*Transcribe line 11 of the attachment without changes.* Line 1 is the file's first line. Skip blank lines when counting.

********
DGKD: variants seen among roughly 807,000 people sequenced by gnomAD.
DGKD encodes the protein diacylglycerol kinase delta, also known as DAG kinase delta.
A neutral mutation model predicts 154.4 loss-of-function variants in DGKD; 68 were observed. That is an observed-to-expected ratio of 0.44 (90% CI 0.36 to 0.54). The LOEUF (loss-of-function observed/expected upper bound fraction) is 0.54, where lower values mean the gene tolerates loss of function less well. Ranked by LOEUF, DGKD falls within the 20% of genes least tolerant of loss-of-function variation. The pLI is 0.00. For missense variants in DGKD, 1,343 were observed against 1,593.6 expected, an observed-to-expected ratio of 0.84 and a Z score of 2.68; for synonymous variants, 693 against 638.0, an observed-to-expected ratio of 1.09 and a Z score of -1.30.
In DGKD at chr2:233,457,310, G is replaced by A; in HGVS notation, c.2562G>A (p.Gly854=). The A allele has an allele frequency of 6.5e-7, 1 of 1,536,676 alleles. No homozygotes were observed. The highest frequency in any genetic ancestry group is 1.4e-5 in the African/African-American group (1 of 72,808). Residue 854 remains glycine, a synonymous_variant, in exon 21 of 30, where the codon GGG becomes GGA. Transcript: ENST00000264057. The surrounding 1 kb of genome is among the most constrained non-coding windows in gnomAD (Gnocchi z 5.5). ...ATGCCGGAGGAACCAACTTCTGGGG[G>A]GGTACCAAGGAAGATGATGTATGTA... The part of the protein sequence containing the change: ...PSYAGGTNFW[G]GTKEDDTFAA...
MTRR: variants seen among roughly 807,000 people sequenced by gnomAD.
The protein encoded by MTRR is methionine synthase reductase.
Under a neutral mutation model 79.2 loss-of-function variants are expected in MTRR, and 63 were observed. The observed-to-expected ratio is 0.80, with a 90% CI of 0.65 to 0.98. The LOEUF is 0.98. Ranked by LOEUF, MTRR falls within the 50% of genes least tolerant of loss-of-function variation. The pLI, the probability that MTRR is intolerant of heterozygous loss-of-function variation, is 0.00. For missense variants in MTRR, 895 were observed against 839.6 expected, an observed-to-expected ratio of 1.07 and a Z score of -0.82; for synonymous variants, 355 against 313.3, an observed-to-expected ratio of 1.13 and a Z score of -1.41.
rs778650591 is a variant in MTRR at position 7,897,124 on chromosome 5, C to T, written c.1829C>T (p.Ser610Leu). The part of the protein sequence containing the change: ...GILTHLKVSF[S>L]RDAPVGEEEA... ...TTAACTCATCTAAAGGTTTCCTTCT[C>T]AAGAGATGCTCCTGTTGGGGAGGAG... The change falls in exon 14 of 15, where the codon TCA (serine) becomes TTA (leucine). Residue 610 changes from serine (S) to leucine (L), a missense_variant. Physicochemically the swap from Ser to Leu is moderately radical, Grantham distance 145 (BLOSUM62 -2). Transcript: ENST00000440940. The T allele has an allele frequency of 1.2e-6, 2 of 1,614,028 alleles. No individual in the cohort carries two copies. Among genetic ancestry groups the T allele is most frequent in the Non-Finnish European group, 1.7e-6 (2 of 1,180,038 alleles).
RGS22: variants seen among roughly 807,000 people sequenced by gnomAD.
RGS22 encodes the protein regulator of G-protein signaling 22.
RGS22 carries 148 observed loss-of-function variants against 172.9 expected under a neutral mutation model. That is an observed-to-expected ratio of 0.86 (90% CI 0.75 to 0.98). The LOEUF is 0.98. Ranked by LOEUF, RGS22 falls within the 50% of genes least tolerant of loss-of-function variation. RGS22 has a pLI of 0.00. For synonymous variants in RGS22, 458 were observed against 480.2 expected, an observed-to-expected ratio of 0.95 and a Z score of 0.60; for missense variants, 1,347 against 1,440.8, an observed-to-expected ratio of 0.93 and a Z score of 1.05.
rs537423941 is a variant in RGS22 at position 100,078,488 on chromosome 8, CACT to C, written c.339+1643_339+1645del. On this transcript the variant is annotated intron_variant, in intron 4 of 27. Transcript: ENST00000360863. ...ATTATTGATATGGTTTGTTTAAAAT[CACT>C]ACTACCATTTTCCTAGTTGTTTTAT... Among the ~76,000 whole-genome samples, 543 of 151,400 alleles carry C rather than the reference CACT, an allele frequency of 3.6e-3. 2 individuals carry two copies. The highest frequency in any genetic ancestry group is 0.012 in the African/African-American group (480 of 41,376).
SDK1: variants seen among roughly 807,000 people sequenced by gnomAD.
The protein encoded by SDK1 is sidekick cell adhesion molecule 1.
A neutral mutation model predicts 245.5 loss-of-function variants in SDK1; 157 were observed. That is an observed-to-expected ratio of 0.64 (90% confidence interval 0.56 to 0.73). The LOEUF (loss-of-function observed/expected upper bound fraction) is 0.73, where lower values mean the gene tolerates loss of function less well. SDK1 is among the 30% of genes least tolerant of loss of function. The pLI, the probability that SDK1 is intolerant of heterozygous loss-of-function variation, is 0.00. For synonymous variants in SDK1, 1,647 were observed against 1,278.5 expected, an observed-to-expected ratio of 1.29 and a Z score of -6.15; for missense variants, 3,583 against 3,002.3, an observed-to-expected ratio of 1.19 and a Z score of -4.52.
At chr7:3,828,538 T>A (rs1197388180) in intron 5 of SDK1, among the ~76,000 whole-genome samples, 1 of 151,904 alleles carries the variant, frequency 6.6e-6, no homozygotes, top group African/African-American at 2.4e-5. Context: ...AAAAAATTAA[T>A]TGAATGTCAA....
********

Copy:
RGS22 carries 148 observed loss-of-function variants against 172.9 expected under a neutral mutation model. That is an observed-to-expected ratio of 0.86 (90% CI 0.75 to 0.98). The LOEUF is 0.98. Ranked by LOEUF, RGS22 falls within the 50% of genes least tolerant of loss-of-function variation. RGS22 has a pLI of 0.00. For synonymous variants in RGS22, 458 were observed against 480.2 expected, an observed-to-expected ratio of 0.95 and a Z score of 0.60; for missense variants, 1,347 against 1,440.8, an observed-to-expected ratio of 0.93 and a Z score of 1.05.